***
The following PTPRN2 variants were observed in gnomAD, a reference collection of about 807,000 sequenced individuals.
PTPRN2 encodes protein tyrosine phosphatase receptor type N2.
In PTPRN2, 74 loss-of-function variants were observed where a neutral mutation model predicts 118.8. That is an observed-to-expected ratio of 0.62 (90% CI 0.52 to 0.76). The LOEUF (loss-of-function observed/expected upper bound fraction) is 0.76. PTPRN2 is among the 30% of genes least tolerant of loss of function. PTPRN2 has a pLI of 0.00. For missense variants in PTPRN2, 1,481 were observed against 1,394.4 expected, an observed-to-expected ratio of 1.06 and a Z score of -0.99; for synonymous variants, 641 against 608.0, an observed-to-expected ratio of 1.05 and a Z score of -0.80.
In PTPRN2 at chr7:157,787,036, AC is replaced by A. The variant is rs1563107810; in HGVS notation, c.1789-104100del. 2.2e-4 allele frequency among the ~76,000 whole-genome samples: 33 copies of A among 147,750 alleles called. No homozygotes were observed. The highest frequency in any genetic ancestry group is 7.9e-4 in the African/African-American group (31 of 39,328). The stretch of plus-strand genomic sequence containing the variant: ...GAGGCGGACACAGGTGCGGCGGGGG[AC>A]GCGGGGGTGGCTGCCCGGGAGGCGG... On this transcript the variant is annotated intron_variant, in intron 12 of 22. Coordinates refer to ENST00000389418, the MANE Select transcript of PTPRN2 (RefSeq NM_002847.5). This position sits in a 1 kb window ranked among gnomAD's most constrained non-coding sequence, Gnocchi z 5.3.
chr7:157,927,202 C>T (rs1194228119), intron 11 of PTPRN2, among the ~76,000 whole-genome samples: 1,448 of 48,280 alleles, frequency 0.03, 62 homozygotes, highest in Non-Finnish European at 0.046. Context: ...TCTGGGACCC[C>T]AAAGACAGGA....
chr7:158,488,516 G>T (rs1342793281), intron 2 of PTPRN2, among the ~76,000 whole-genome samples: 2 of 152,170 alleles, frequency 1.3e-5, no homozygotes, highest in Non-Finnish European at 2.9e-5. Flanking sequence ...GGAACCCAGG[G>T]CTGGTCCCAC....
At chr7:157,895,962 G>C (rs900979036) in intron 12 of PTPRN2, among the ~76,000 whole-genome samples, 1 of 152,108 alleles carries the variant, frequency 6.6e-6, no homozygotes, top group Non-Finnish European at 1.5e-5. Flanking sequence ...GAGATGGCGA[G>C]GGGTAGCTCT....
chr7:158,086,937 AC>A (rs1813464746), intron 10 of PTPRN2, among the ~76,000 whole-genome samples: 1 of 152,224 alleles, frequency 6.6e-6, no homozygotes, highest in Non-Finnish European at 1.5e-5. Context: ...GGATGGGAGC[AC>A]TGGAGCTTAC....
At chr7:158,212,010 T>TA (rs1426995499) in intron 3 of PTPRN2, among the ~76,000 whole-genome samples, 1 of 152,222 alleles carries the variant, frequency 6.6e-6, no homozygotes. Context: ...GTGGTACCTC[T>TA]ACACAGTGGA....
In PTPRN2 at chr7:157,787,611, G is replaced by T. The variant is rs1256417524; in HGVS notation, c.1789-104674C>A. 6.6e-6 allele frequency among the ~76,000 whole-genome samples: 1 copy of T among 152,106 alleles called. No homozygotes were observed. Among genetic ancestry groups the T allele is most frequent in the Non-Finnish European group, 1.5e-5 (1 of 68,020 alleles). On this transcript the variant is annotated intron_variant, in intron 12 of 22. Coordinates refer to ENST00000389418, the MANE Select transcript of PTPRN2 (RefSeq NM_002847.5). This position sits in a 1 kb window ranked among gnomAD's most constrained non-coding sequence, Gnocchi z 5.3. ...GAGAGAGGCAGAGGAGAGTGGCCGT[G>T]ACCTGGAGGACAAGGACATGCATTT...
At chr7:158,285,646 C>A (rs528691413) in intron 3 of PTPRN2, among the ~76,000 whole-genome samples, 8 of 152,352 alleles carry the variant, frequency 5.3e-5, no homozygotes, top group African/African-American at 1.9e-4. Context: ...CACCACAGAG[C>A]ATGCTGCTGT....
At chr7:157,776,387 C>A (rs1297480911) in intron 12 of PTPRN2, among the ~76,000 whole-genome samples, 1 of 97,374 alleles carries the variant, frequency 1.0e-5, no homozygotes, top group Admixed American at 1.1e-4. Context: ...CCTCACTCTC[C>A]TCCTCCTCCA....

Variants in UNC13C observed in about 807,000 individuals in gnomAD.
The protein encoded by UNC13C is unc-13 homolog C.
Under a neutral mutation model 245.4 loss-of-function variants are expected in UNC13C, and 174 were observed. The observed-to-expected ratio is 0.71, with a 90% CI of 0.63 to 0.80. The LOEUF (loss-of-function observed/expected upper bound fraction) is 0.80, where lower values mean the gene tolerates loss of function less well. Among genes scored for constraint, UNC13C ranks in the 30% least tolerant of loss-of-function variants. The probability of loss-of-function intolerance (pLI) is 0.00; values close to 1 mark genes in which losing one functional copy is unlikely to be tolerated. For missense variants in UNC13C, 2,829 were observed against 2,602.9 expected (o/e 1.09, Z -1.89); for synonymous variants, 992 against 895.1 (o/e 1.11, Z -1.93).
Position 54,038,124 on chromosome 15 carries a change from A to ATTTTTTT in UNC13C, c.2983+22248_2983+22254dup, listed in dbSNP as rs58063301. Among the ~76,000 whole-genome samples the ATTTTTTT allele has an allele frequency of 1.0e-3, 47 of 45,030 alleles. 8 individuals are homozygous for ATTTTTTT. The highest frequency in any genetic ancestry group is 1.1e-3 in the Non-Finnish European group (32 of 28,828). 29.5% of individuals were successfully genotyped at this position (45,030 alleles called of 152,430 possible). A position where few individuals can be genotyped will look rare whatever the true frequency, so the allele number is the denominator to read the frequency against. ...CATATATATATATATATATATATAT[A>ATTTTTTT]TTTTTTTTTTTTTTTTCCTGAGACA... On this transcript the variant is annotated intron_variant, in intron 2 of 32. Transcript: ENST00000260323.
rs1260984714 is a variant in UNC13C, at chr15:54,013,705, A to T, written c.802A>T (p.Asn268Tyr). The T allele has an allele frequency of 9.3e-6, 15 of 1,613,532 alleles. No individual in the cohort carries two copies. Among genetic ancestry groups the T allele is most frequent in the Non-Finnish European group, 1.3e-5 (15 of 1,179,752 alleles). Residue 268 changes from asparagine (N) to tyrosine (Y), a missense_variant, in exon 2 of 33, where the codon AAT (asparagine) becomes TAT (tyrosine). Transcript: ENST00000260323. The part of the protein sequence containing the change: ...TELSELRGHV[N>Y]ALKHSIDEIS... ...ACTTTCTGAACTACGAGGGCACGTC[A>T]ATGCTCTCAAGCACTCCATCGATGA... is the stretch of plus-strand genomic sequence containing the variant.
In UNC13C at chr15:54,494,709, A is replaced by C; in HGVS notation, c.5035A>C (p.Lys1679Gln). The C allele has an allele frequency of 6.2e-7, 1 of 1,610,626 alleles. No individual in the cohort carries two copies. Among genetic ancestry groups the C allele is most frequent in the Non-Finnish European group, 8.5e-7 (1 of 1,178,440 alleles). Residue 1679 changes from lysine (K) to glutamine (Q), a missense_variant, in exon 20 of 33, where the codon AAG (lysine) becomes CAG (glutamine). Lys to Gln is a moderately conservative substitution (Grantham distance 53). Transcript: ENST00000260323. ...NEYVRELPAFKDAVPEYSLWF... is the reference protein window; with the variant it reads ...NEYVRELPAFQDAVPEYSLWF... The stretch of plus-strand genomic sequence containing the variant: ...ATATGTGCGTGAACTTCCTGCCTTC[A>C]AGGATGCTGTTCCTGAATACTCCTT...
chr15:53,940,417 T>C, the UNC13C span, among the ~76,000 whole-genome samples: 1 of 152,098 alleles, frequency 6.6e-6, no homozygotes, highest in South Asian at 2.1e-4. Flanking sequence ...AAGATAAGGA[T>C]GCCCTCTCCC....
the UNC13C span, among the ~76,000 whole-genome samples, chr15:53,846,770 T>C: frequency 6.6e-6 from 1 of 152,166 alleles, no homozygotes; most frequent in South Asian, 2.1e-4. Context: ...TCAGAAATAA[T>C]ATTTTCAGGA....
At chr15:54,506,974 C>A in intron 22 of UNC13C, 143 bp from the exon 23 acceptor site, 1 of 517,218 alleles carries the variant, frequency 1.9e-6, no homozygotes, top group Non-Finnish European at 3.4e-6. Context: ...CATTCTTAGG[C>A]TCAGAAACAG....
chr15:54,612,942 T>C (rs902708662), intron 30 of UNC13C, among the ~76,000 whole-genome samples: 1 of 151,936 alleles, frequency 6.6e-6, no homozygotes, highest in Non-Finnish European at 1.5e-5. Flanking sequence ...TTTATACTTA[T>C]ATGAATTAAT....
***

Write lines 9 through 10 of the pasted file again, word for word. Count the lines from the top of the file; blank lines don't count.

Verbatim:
At chr7:158,212,010 T>TA (rs1426995499) in intron 3 of PTPRN2, among the ~76,000 whole-genome samples, 1 of 152,222 alleles carries the variant, frequency 6.6e-6, no homozygotes. Context: ...GTGGTACCTC[T>TA]ACACAGTGGA....
In PTPRN2 at chr7:157,787,611, G is replaced by T. The variant is rs1256417524; in HGVS notation, c.1789-104674C>A. 6.6e-6 allele frequency among the ~76,000 whole-genome samples: 1 copy of T among 152,106 alleles called. No homozygotes were observed. Among genetic ancestry groups the T allele is most frequent in the Non-Finnish European group, 1.5e-5 (1 of 68,020 alleles). On this transcript the variant is annotated intron_variant, in intron 12 of 22. Coordinates refer to ENST00000389418, the MANE Select transcript of PTPRN2 (RefSeq NM_002847.5). This position sits in a 1 kb window ranked among gnomAD's most constrained non-coding sequence, Gnocchi z 5.3. ...GAGAGAGGCAGAGGAGAGTGGCCGT[G>T]ACCTGGAGGACAAGGACATGCATTT...